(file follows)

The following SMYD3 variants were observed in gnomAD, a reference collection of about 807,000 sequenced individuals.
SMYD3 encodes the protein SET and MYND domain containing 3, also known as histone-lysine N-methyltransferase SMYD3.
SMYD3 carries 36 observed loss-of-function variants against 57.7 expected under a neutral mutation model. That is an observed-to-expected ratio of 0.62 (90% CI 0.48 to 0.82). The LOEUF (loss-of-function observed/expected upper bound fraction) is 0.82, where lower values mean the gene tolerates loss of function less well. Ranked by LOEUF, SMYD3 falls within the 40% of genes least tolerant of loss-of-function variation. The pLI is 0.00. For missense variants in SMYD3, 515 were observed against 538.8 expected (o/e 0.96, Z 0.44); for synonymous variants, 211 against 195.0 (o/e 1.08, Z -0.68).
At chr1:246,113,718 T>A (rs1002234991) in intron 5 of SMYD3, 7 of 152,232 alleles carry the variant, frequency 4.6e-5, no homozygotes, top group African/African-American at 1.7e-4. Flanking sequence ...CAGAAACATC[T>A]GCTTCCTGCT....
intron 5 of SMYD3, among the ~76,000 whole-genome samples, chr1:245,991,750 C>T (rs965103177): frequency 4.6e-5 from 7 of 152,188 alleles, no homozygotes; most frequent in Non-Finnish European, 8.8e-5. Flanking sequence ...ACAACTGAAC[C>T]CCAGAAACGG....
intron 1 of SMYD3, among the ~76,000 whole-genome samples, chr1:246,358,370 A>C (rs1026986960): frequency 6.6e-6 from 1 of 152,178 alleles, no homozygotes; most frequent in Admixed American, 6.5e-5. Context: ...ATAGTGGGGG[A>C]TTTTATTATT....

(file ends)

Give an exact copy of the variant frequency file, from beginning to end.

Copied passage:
The following SMYD3 variants were observed in gnomAD, a reference collection of about 807,000 sequenced individuals.
SMYD3 encodes the protein SET and MYND domain containing 3, also known as histone-lysine N-methyltransferase SMYD3.
SMYD3 carries 36 observed loss-of-function variants against 57.7 expected under a neutral mutation model. That is an observed-to-expected ratio of 0.62 (90% CI 0.48 to 0.82). The LOEUF (loss-of-function observed/expected upper bound fraction) is 0.82, where lower values mean the gene tolerates loss of function less well. Ranked by LOEUF, SMYD3 falls within the 40% of genes least tolerant of loss-of-function variation. The pLI is 0.00. For missense variants in SMYD3, 515 were observed against 538.8 expected (o/e 0.96, Z 0.44); for synonymous variants, 211 against 195.0 (o/e 1.08, Z -0.68).
At chr1:246,113,718 T>A (rs1002234991) in intron 5 of SMYD3, 7 of 152,232 alleles carry the variant, frequency 4.6e-5, no homozygotes, top group African/African-American at 1.7e-4. Flanking sequence ...CAGAAACATC[T>A]GCTTCCTGCT....
intron 5 of SMYD3, among the ~76,000 whole-genome samples, chr1:245,991,750 C>T (rs965103177): frequency 4.6e-5 from 7 of 152,188 alleles, no homozygotes; most frequent in Non-Finnish European, 8.8e-5. Flanking sequence ...ACAACTGAAC[C>T]CCAGAAACGG....
intron 1 of SMYD3, among the ~76,000 whole-genome samples, chr1:246,358,370 A>C (rs1026986960): frequency 6.6e-6 from 1 of 152,178 alleles, no homozygotes; most frequent in Admixed American, 6.5e-5. Context: ...ATAGTGGGGG[A>C]TTTTATTATT....